Block on Trump's Asylum Ban Upheld by Supreme Court
If you sabotage your own trial, don't expect a successful appeal in the Eleventh. That's the lesson a Georgia man who stole over $4 million in a yearlong credit card scam learned the hard way, recently.
Jean-Daniel Perkins attempted to avoid conviction by refusing counsel and not attending his trial. Perkins thought he had found "one weird trick" to beat the legal system. And now, judges do hate him, and his tricks didn't work.
Perkins was convicted on 37 counts, including 28 counts of bank fraud, stemming from his credit card scheme. At trial, he attempted to create a Rule 43 violation by refusing to leave his jail cell. When he appealed, arguing that the difficulties he created in his trial invalidated the verdict, the Eleventh Circuit was unsympathetic, rejecting each and every one of his complaints.
Here's how the Eleventh Circuit describes Perkins' behavior:
Mr. Perkins rejected two court-appointed attorneys, attempted to hijack every hearing that he attended, and refused to participate in his own trial, threatening physical violence if the district judge tried to compel him to enter the courtroom.
So, he's a charmer.
Perkins apparently thought that refusing to "consent" to representation or participate in his trial would somehow prevent the court from exercising authority over him. When questioned on how he would get through the trial, Perkins responded "What if I don't defend? How can you have a defendant if I'm not here to defend anything?"
When Perkins refused to leave his jail cell, the court provided a live video feed of the proceedings. The judge refused a competency hearing, finding that Perkins wasn't unstable, but simply attempting to manipulate and disrupt the proceedings.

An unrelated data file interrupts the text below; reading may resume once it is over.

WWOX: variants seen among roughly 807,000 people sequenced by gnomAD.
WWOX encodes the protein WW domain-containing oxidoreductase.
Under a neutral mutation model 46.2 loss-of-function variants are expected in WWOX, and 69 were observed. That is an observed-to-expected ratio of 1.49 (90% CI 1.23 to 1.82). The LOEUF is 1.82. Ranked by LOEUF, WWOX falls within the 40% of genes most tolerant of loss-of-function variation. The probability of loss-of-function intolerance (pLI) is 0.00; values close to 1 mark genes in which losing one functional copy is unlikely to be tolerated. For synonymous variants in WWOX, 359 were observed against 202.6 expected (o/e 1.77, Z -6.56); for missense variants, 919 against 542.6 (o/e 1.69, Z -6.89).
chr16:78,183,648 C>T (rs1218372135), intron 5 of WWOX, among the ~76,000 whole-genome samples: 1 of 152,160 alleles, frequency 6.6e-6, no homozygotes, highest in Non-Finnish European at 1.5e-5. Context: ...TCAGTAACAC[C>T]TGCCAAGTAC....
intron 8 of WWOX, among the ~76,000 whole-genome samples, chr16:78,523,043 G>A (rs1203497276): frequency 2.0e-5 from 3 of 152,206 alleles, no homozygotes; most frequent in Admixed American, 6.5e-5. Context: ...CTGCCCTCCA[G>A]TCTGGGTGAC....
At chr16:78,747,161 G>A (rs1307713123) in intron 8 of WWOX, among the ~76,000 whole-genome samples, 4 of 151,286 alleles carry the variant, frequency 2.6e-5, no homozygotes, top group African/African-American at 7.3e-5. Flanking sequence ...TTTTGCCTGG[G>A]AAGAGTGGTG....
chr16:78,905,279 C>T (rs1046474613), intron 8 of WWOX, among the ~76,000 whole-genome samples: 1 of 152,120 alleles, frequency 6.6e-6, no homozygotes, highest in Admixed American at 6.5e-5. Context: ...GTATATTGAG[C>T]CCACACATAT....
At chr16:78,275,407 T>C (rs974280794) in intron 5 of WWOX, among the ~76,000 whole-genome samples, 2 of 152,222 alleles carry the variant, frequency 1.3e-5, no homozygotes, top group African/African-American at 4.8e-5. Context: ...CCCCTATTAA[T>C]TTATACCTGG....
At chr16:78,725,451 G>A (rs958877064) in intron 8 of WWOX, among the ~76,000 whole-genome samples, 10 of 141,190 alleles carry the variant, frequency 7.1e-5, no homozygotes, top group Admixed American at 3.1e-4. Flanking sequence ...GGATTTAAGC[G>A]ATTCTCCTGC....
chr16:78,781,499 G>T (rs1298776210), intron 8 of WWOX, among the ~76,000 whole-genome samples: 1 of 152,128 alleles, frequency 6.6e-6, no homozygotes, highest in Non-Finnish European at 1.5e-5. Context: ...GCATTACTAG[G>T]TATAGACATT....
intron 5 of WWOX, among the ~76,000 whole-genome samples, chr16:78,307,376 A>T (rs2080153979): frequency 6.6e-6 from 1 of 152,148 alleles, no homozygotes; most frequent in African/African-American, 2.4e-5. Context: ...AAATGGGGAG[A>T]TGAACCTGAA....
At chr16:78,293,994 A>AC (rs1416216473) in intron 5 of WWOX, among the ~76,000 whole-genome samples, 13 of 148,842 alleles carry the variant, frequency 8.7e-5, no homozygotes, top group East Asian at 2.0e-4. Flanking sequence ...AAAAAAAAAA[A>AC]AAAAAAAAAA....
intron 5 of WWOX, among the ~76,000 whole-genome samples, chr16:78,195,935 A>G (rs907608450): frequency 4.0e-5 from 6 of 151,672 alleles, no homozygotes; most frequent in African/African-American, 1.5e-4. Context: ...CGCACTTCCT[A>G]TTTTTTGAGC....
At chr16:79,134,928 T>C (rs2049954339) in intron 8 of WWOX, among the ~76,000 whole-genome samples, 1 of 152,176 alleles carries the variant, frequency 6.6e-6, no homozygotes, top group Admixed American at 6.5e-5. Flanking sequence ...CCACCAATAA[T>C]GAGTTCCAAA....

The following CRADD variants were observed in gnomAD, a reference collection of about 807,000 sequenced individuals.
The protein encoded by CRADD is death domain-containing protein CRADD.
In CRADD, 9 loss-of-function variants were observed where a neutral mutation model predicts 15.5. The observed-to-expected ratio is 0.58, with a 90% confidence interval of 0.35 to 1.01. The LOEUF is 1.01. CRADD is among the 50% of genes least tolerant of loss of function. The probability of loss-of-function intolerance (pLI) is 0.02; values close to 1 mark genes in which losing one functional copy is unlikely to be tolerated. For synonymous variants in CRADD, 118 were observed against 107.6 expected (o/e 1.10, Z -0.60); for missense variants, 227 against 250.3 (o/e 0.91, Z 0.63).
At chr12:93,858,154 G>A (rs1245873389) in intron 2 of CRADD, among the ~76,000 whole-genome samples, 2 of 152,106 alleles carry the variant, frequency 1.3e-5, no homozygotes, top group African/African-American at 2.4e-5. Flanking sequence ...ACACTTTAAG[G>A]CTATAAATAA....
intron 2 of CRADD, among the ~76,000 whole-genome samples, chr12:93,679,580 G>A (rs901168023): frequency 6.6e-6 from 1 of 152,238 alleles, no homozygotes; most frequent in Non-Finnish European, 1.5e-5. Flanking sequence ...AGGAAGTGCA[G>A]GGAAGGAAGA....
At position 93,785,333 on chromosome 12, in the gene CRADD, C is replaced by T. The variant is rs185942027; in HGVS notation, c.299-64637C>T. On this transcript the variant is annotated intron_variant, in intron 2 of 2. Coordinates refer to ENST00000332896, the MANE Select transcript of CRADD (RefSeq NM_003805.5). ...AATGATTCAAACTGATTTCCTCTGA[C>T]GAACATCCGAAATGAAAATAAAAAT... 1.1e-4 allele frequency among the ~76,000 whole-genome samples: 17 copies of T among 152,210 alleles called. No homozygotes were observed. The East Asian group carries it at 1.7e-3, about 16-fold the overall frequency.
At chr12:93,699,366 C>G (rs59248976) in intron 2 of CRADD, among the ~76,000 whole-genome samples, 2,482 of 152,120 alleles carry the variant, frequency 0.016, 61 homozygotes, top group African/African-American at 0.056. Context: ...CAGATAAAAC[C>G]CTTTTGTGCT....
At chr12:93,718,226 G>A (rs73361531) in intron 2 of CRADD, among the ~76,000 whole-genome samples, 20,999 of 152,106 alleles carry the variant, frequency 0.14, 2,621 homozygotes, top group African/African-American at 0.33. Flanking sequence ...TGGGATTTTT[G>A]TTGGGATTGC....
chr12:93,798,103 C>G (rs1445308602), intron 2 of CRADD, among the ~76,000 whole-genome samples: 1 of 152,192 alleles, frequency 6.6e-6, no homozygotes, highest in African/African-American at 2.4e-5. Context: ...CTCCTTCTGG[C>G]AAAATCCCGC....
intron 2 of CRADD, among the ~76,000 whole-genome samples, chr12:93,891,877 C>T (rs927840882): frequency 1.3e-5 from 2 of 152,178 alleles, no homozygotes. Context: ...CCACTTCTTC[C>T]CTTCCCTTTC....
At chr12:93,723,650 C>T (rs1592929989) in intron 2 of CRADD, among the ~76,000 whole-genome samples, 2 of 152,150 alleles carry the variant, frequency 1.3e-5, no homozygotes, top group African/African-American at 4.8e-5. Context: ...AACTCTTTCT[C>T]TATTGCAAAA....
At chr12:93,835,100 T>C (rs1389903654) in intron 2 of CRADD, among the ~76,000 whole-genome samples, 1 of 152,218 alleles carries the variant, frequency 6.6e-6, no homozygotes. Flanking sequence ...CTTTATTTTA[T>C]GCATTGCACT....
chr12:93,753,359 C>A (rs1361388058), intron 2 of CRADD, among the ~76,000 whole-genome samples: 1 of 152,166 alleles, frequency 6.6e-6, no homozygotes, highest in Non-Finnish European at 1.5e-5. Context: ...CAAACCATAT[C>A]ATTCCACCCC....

On appeal, Perkins argued that the court wrongly appointed counsel and that he had not been "present" as required under Federal Rule of Criminal Procedure 43. The Eleventh Circuit wasn't impressed. The right to counsel, the court wrote, is "meant as a shield, not a sword." Perkins, and any other defendant, cannot invite an error and then seek redress from a failing that he not only created but refused to allow the court to redress.
The same logic applied to Perkins' Rule 43 claim. While Rule 43 requires that a criminal defendant be present at "every trial stage," that does not mean that a defendant can simply avoid prosecution by refusing to leave his cell.
Despite Perkins crazy conduct, the Eleventh also found that the district court did not err in failing to have his competency evaluated. The district judge found Perkins' behavior to be "studied, contrived, and manipulative," not incompetent.
That's a shame for Perkins, who seemed to genuinely believe he had figured out the way to beat the legal system. At least he didn't argue he was a "Sovereign Citizen," though. That really would have been crazy.
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